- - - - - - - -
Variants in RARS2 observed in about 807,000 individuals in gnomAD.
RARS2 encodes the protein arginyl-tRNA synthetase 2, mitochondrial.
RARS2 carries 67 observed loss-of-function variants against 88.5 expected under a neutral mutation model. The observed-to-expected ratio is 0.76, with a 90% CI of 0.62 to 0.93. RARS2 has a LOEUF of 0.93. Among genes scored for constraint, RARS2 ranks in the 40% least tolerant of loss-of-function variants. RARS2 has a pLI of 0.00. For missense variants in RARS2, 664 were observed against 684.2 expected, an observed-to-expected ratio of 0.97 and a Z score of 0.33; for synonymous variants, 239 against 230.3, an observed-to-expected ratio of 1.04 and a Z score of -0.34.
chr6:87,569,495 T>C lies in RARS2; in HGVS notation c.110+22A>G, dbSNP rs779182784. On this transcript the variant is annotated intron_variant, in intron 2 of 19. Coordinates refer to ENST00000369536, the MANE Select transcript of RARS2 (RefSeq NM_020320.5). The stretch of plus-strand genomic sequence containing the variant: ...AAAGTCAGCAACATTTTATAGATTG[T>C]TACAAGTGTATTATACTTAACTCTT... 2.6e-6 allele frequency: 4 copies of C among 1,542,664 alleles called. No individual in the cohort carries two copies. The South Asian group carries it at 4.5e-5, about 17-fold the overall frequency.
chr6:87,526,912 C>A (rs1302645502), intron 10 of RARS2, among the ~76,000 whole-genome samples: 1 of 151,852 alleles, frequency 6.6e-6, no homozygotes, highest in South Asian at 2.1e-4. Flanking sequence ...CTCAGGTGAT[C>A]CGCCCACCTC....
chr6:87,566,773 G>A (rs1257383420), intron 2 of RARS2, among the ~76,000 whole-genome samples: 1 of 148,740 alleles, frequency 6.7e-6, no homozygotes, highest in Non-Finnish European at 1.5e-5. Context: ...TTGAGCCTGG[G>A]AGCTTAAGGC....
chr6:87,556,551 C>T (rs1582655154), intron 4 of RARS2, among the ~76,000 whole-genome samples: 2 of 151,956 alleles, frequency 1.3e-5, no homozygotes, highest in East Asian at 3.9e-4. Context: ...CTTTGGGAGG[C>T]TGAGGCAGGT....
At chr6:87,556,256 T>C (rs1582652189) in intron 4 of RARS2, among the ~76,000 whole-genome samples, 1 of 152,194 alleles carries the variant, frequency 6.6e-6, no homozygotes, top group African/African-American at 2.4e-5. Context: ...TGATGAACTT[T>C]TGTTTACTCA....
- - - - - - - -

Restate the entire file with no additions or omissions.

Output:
Variants in RARS2 observed in about 807,000 individuals in gnomAD.
RARS2 encodes the protein arginyl-tRNA synthetase 2, mitochondrial.
RARS2 carries 67 observed loss-of-function variants against 88.5 expected under a neutral mutation model. The observed-to-expected ratio is 0.76, with a 90% CI of 0.62 to 0.93. RARS2 has a LOEUF of 0.93. Among genes scored for constraint, RARS2 ranks in the 40% least tolerant of loss-of-function variants. RARS2 has a pLI of 0.00. For missense variants in RARS2, 664 were observed against 684.2 expected, an observed-to-expected ratio of 0.97 and a Z score of 0.33; for synonymous variants, 239 against 230.3, an observed-to-expected ratio of 1.04 and a Z score of -0.34.
chr6:87,569,495 T>C lies in RARS2; in HGVS notation c.110+22A>G, dbSNP rs779182784. On this transcript the variant is annotated intron_variant, in intron 2 of 19. Coordinates refer to ENST00000369536, the MANE Select transcript of RARS2 (RefSeq NM_020320.5). The stretch of plus-strand genomic sequence containing the variant: ...AAAGTCAGCAACATTTTATAGATTG[T>C]TACAAGTGTATTATACTTAACTCTT... 2.6e-6 allele frequency: 4 copies of C among 1,542,664 alleles called. No individual in the cohort carries two copies. The South Asian group carries it at 4.5e-5, about 17-fold the overall frequency.
chr6:87,526,912 C>A (rs1302645502), intron 10 of RARS2, among the ~76,000 whole-genome samples: 1 of 151,852 alleles, frequency 6.6e-6, no homozygotes, highest in South Asian at 2.1e-4. Flanking sequence ...CTCAGGTGAT[C>A]CGCCCACCTC....
chr6:87,566,773 G>A (rs1257383420), intron 2 of RARS2, among the ~76,000 whole-genome samples: 1 of 148,740 alleles, frequency 6.7e-6, no homozygotes, highest in Non-Finnish European at 1.5e-5. Context: ...TTGAGCCTGG[G>A]AGCTTAAGGC....
chr6:87,556,551 C>T (rs1582655154), intron 4 of RARS2, among the ~76,000 whole-genome samples: 2 of 151,956 alleles, frequency 1.3e-5, no homozygotes, highest in East Asian at 3.9e-4. Context: ...CTTTGGGAGG[C>T]TGAGGCAGGT....
At chr6:87,556,256 T>C (rs1582652189) in intron 4 of RARS2, among the ~76,000 whole-genome samples, 1 of 152,194 alleles carries the variant, frequency 6.6e-6, no homozygotes, top group African/African-American at 2.4e-5. Context: ...TGATGAACTT[T>C]TGTTTACTCA....